The Lasting Impacts of Funk and Disco
The transition from the 1960’s to the 1970’s was a rough one. A decade characterized by the supposed defeat of poverty and racism as well as the conquest of space, was subsequently and surprisingly followed by a decade of chaos and disorder in the world. The country was running out of promise, the troops were running out of Vietnam, and the President was running out of office. Luckily however, the emergence of great music simply could not be affected by the unfortunate economic and social issues going on in the world at the time. The surfacing of both funk and disco characterized the time period starting from the late 1960’s into the 1970’s, and although each music movement had its own style, its own rhythms, and its own artists, both were similar in a plethora of different ways.
Let’s start with funk, with its distinctive characteristics rooted in West African musical traditions and influences from early expressions such as praise shouts, spirituals, and gospel and blues. Funk, some might say, was also a mixture of soul music, R & B, and soul jazz. However, there were distinct differences that separated funk from the music that had preceded and succeeded it. This was exemplified by the fact that this style completely abandoned chord changes, creating static and single chord vamps with little harmonic movement, but with a driving and complex rhythmic feel. The term funk, surprisingly, “comes from the Ki-Kongo word ‘lu-fuki,’ which means foul body odor. But insofar as this odor is produced from perspiration that is induced by vigorous exertion.” (Bolden 15) They used the word to praise other people’s music, acknowledging the time and effort each had put into such musical pieces.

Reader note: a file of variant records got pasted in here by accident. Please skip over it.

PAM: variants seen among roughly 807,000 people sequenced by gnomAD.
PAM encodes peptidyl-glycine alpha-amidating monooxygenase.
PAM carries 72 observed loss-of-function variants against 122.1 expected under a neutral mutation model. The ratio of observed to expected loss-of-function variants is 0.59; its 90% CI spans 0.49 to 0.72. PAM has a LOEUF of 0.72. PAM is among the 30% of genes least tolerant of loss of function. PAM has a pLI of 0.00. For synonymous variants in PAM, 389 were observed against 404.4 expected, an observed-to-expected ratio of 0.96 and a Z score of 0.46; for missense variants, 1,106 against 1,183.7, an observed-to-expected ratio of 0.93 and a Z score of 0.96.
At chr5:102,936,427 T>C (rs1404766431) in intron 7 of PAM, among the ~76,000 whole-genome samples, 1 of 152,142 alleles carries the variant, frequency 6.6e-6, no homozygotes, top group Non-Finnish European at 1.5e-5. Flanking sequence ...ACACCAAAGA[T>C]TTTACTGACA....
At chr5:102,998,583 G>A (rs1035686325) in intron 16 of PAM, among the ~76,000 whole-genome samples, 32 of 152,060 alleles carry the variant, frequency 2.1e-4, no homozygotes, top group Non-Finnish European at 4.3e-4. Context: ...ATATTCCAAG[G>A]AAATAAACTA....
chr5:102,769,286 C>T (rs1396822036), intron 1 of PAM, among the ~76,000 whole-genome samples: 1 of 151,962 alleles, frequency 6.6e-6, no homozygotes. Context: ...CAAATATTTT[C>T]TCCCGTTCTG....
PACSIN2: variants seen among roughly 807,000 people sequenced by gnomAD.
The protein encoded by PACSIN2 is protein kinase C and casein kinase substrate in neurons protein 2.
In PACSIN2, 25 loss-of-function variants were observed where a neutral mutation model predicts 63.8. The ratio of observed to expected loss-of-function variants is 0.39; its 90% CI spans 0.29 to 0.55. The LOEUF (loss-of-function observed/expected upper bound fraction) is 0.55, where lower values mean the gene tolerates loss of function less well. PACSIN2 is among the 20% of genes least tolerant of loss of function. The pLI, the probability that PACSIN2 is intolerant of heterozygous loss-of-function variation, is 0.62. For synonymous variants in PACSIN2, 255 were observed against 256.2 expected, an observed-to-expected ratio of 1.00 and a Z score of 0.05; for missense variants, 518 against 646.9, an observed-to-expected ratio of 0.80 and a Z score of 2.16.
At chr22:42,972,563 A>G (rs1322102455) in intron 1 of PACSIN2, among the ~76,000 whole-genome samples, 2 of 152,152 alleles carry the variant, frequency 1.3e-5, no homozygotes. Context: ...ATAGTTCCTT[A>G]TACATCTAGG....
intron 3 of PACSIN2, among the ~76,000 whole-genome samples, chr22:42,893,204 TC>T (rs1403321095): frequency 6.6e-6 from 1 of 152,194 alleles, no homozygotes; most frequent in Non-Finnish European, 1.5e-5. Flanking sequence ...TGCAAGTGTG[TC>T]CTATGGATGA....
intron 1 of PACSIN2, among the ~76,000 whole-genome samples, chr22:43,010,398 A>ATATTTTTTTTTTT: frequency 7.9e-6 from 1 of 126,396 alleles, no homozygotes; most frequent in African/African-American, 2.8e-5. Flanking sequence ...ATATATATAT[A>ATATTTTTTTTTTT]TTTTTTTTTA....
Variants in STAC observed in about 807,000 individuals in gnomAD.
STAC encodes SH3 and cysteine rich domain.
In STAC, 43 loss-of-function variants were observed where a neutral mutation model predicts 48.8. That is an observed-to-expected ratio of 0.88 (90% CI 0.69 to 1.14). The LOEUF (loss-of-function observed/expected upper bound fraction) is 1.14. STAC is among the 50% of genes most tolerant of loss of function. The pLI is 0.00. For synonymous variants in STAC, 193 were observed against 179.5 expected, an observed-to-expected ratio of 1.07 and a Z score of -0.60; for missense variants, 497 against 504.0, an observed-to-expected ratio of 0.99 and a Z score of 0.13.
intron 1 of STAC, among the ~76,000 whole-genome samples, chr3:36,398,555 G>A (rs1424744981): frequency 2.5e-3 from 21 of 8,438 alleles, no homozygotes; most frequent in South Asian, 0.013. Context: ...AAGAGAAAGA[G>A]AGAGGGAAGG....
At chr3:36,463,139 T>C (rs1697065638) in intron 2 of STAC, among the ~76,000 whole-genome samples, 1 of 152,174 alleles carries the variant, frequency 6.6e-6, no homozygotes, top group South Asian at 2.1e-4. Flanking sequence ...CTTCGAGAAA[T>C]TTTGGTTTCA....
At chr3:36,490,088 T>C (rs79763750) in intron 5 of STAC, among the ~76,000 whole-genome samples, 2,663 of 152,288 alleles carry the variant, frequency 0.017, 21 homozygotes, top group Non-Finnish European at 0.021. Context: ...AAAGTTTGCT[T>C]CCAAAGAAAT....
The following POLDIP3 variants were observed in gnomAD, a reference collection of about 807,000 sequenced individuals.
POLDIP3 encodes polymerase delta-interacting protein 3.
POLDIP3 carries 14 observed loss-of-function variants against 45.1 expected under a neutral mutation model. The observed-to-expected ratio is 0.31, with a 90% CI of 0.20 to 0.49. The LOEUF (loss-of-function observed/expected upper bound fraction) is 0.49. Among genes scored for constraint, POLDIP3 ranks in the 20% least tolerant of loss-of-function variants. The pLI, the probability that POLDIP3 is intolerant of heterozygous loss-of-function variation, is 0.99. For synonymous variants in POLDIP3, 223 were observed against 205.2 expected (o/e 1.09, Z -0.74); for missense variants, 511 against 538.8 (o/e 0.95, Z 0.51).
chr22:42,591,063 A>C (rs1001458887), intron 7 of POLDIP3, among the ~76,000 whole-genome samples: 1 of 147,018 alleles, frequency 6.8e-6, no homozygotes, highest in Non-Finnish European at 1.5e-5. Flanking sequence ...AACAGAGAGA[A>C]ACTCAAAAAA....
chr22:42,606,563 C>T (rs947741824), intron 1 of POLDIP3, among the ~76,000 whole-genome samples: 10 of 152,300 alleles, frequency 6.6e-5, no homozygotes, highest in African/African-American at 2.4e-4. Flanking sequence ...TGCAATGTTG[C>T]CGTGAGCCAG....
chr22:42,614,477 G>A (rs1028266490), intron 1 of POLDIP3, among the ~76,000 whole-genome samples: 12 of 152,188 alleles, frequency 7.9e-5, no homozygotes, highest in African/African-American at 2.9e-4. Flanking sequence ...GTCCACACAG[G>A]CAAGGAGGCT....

When one talks about the emergence of such a large musical movement, one must not leave out the influence of James Brown, who many regard to be one of the founding fathers of funk. His music in the late 1960’s was perhaps the “single most unifying facet of popular black culture of the time.” (Bolden 51) With “Papa’s Got a Brand New Bag” in 1965, “It’s A Man’s Man’s Man’s World” in 1966, and “Cold Sweat” in 1967, Brown was “pushing an assertive black masculine aesthetic” into popular music in a way that America had never seen before (Bolden 52). At the time, he developed his music in a way that was unique to African American music. He developed a signature groove that emphasized that downbeat, which was the opposite of what the norm was, placing a heavy emphasis on the first beat of every measure rather than the backbeat. This style became so popular, that not only did it gain massive popularity among his fans, but other artists and composers started to pick up on the rhythms as well. Such groups included Dyke & the Blazers, Charles Wright & the Watts 103rd Street Rhythm Band, and finally, Sly and the Family Stone, who released “Thank You (Falettinme Be Mice Elf Agin)," which reached number one of the charts in 1970.
Finally, a new group of musicians decided to develop a funk rock approach. George Clinton is widely regarded as the head this movement with his bands Parliament and Funkadelic. His bands became such big name in this sub genre, that this style had been known to be called P-funk, or Parliament-Funkadelic. His music took the funk style that had been prominent in most of the late 1960’s and early 1970’s, and combined it with jazz and psychedelic rock. It was nothing like the black or white community had ever seen before. Like Amy Nathan Wright describes it, “through their music, performances, lyrics, and image, P-Funk confronts and collapses white norms, creating a postmodern, post civil rights black ideology.”
Starting in the early to mid 1970’s however, a new style of music was arising that seemed to be bigger, more popular, and more influential than funk was. Many think that the roots of Disco lie in America, but technically it was started in Europe. During the years of the World...
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